We Can All Contribute
Swedavia presents a positive photography exhibition from Doctors Without Borders in collaboration with Christian & Carl-Johan Brandt.
The exhibition incorporates photos from the brothers’ second book, Face the Reality, which captures and showcases Doctors Without Borders’ HIV efforts in South Africa. All income generated by the book, which also raises public awareness about the project, is being donated to Doctors Without Borders.
Being infected with HIV was long considered a death sentence. Today there are medicines that enable people to live a long, full life. Nonetheless, millions of people are still dying of AIDS because they do not have access or cannot afford the medicine they need. One United Nations millennial development goal is to end the AIDS epidemic by 2030, but to achieve this many more people must have access to testing and treatment.
In 2011, Doctors Without Borders started the project Bending the Curves in the South African province of KwaZulu-Natal. The project involves testing several innovative prevention methods while increasing access to testing and treatment. The goal is not just to have people survive and have a chance to lead a normal life but also to have an impact on the epidemic itself.
The brothers Christian and Carl-Johan Brandt are the force behind the exhibition. Together they launched the movement WCAC (We Can All Contribute), through which they want to highlight how everyone can contribute to a better world. The basic idea is that everyone can help in some form, and the goal is to inspire people to follow their initiative.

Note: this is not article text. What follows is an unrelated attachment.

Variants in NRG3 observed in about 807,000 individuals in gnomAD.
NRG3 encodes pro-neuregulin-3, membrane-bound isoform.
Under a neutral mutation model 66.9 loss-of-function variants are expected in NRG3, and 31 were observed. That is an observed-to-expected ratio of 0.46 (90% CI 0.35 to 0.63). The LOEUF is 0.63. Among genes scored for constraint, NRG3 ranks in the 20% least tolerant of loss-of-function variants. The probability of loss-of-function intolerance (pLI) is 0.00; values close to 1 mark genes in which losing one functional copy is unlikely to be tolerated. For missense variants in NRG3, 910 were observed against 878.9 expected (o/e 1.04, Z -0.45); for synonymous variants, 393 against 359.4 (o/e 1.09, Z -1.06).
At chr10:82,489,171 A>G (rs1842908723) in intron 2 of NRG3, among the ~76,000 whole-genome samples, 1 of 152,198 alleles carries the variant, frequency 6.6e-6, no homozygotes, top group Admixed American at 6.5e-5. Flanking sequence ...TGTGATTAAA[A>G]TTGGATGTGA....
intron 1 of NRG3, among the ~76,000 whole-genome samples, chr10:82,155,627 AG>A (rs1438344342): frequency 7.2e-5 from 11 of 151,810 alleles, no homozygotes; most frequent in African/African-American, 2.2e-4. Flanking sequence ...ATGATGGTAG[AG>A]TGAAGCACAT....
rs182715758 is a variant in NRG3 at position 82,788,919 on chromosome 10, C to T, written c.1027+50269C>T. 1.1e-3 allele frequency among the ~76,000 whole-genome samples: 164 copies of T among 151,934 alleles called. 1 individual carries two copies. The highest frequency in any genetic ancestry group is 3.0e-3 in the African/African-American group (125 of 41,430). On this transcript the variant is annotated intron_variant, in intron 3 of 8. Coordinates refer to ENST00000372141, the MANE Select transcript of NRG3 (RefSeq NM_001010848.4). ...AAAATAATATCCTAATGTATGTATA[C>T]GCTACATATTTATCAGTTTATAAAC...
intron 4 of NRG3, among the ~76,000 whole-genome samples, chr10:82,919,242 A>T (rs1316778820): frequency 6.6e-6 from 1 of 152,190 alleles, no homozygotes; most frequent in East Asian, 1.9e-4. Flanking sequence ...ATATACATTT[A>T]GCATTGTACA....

The exhibition is funded by the Swedish Postcode Lottery and was produced by Firewater.
The first treatment room
In 2000, MSF began providing ARV treatment to a small number of people living with HIV/AIDS in projects in Thailand, South Africa and Cameroon. In February 2000, MSF and partners opened a 'low profile' clinic in Khayelitsha township, Cape Town, to treat infected mothers and their partners. The clinic was soon overflowing. This is the first treatment room and it is still operational today.
Bending the curves
MSF's project is aligned with South Africa's national strategic plan (2015-2016) for HIV, sexually transmitted diseases (STD) and tuberculosis (TB). Using innovative methods, the goal is to lower HIV and TB incidence by 50%. Offering HIV testing via mobile test sites is one such method. Musa Ndluvo, advocacy manager for MSF in Eshowe, explains: "it should be so easy to get tested that you have no excuses. You should be able to do it during your lunch break."
Graduation day for SHINE students. Despite the fact that about a quarter of the adult population in KwaZulu-Natal is living with HIV the stigma surrounding the disease remains high. This makes many people avoid getting tested or seeking treatment. MSF works in collaboration with the group SHINE to spread information about HIV/AIDS and how to get treatment. Among other things, SHINE and MSF organize meetings for HIV positive people where they can share their experiences. Representatives from SHINE also participate in radio shows to talk about HIV/AIDS and respond to questions from the listeners.